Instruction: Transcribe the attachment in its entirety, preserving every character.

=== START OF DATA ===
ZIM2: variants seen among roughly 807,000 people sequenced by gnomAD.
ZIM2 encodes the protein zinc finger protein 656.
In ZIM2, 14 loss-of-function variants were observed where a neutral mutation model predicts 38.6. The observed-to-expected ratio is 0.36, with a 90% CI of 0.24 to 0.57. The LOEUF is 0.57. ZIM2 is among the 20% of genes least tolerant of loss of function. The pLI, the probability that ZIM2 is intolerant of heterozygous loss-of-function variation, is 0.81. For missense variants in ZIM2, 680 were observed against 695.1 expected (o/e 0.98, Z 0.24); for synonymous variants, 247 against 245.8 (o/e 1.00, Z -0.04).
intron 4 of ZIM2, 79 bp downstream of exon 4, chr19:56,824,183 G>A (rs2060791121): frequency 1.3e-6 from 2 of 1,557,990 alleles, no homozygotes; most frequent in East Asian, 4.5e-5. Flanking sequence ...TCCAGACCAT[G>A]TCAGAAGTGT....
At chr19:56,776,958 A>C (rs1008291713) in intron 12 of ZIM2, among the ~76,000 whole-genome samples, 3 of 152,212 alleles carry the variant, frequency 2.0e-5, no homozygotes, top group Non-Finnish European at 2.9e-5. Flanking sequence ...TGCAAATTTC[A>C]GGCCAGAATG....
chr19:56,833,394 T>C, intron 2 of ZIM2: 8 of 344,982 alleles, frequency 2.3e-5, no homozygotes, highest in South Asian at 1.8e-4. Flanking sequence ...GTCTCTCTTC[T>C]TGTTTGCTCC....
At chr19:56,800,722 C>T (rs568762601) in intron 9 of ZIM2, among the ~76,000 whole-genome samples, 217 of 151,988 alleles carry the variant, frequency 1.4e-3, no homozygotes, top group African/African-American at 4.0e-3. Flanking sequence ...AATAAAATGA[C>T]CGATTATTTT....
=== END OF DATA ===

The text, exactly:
ZIM2: variants seen among roughly 807,000 people sequenced by gnomAD.
ZIM2 encodes the protein zinc finger protein 656.
In ZIM2, 14 loss-of-function variants were observed where a neutral mutation model predicts 38.6. The observed-to-expected ratio is 0.36, with a 90% CI of 0.24 to 0.57. The LOEUF is 0.57. ZIM2 is among the 20% of genes least tolerant of loss of function. The pLI, the probability that ZIM2 is intolerant of heterozygous loss-of-function variation, is 0.81. For missense variants in ZIM2, 680 were observed against 695.1 expected (o/e 0.98, Z 0.24); for synonymous variants, 247 against 245.8 (o/e 1.00, Z -0.04).
intron 4 of ZIM2, 79 bp downstream of exon 4, chr19:56,824,183 G>A (rs2060791121): frequency 1.3e-6 from 2 of 1,557,990 alleles, no homozygotes; most frequent in East Asian, 4.5e-5. Flanking sequence ...TCCAGACCAT[G>A]TCAGAAGTGT....
At chr19:56,776,958 A>C (rs1008291713) in intron 12 of ZIM2, among the ~76,000 whole-genome samples, 3 of 152,212 alleles carry the variant, frequency 2.0e-5, no homozygotes, top group Non-Finnish European at 2.9e-5. Flanking sequence ...TGCAAATTTC[A>C]GGCCAGAATG....
chr19:56,833,394 T>C, intron 2 of ZIM2: 8 of 344,982 alleles, frequency 2.3e-5, no homozygotes, highest in South Asian at 1.8e-4. Flanking sequence ...GTCTCTCTTC[T>C]TGTTTGCTCC....
At chr19:56,800,722 C>T (rs568762601) in intron 9 of ZIM2, among the ~76,000 whole-genome samples, 217 of 151,988 alleles carry the variant, frequency 1.4e-3, no homozygotes, top group African/African-American at 4.0e-3. Flanking sequence ...AATAAAATGA[C>T]CGATTATTTT....